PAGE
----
It seemed Ivan was always hosting someone at the farm. Some were local farmers who stopped by to chat about entirely mundane things. Others were more exotic. A man with an eye-patch and a strong resemblance to Ernest Hemingway was there often. He was retired from Time Magazine, which he ran for many years, and lived nearby on a luxurious spread, but liked to hang out with Ivan. [Bob Durant is almost certainly referring to Ivan's friend John Stuart Martin, who was part of the original group that started Time, and who was a cousin of its co-founder, Briton Haden. A 1923 Princeton grad, he was nicknamed "the one-armed bandit" because he had lost a left arm in a childhood hunting accident and was resentful of any sympathy, but he could win at games of golf, was a crack shot with a rifle and shotgun, and could hold a telephone using his shoulder and chin while typing and chewing paper clips. He was managing editor at Time (1929–33, 1936–37), and helped to get Life magazine up and running during 1935–36. Like Ivan, however, he was a heavy drinker and was said to be a verbal bully when drunk, a behavior that some say may have blackballed him from being appointed Life's first managing editor. A staunch political conservative, he wrote the narration for the World War II propaganda film, The Fighting Lady (1944) as well as the narration for a filmed version of George Orwell's Animal Farm. Eventually ending up as a freelance writer, he wrote everything from a novel, General Manpower (1938) and Learning to Gun (1963), to The Curious History of the Golf Ball (1968), A Picture History of Eastern Europe (1971), and he was the editor of book, A Picture History of Russia (1945).]
Then there was the big-game hunter from Africa, straight out of Hollywood’s Central Casting, but there to plan strategy for tracking Yetis. And the British aristocrat who lived in a chateau in France, but had taken a week and a transatlantic flight to pick Ivan’s brain about a similar cryptozoological venture. Everyone was treated equally, and Ivan went to pains to ensure that the visitors, regardless of their eminence, met everyone else on even terms.
There was a time when Ivan made a lot of money. His books sold well, and he was a fixture on early television. It was then that, with money in his pocket, he drove from New York City, with nothing other than sightseeing in mind, and found a small farm for sale in the nearly uninhabited western edge of New Jersey. On impulse, he bought it outright. That was a lucky thing, because it was to be his home, headquarters for the Society, and his refuge.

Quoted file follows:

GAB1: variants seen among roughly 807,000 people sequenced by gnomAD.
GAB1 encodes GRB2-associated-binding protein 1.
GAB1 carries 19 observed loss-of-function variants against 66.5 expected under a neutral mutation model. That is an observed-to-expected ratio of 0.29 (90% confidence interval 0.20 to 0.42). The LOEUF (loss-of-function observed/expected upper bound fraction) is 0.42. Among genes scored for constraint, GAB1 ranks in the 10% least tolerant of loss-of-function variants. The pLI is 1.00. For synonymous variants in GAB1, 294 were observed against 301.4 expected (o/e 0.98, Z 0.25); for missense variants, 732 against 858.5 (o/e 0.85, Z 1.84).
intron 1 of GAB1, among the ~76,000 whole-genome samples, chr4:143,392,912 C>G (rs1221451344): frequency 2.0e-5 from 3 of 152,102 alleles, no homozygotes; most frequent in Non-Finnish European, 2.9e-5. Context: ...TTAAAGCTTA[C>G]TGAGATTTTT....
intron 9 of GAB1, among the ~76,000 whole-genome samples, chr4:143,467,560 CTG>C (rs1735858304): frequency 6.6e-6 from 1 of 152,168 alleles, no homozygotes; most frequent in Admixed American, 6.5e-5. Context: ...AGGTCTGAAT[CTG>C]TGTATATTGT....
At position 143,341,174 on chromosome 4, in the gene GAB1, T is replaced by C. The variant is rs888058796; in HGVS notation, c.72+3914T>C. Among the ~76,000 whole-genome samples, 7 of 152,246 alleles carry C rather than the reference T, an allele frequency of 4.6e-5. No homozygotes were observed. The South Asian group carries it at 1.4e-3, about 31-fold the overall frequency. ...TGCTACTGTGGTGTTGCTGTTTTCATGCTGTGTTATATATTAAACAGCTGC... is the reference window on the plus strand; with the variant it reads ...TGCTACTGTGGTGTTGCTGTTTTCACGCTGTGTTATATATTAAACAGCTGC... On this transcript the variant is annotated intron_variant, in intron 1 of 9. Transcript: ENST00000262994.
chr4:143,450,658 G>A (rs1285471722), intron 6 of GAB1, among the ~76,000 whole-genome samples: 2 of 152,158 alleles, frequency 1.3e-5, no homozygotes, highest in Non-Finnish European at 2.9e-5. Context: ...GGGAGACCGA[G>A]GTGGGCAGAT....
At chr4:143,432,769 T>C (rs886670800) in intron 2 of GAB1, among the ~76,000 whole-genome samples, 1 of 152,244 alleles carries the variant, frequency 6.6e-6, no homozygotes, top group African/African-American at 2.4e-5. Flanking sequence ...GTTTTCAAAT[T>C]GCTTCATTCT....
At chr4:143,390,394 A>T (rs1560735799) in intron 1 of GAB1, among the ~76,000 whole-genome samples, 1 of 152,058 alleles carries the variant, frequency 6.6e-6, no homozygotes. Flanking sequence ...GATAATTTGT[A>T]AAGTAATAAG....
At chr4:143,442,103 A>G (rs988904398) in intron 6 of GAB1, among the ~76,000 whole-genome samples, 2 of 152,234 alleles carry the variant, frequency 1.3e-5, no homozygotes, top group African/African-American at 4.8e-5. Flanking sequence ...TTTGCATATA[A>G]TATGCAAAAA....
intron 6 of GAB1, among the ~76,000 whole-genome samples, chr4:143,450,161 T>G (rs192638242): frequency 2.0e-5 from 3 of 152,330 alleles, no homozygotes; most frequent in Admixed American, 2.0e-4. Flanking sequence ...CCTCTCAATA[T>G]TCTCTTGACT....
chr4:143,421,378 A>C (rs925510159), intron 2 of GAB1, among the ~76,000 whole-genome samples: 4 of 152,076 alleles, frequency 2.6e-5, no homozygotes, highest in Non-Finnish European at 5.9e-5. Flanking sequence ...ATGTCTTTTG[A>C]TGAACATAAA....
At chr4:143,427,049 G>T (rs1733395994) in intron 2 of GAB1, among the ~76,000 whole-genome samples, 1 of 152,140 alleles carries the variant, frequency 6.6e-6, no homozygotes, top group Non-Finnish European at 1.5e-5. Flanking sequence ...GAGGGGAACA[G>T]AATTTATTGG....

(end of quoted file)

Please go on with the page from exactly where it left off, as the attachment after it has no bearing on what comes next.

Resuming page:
Ivan had his faults. Upon his death, it seems that no less than three individuals produced documents in which Ivan had bequeathed to them the farm! This took considerable sorting out.
Once long ago I was musing about Ivan, and the idea popped into my mind that the best way to describe him in comparison to the rest of mankind is as follows: Ivan was like a color photograph, everyone else was black and white. What a man! [A strangely apt statement, given that Ivan had hosted the world's first color TV series in 1951.]
R. J. Durant
March 1, 2004
Special Thanks to Richard T. and Linda Grybos
Former SITU Resident Staff member Richard T. Grybos was kind enough to send Yours Truly many transparencies, back issues of SITU's journal, Pursuit and various SITU newsletters, occasional papers, minutes of meetings, annual reports, etc. He also has provided considerable email correspondence and has made himself available for interviews concerning Ivan Sanderson and those who were in his orbit. His wife, a superlative genealogist, has recently become fascinated with the story of Ivan Sanderson and has traced the Sanderson family tree back several generations—her research is also in the process of being incorporated into this website. I thank them both for their earnest contributions in time and effort in assisting me in the creation of this tribute to Ivan Sanderson.
Yours Truly (Richard Grigonis) hopes that you have enjoyed this tour of the extraordinary life of Ivan T. Sanderson. And, unlike a conventional printed biography, this is a perpetual work in progress. If anyone out there reading this ever met him, knows of any anecdotes about him, or has stumbled across any interesting old newsclippings concerning him, please send me an e-mail!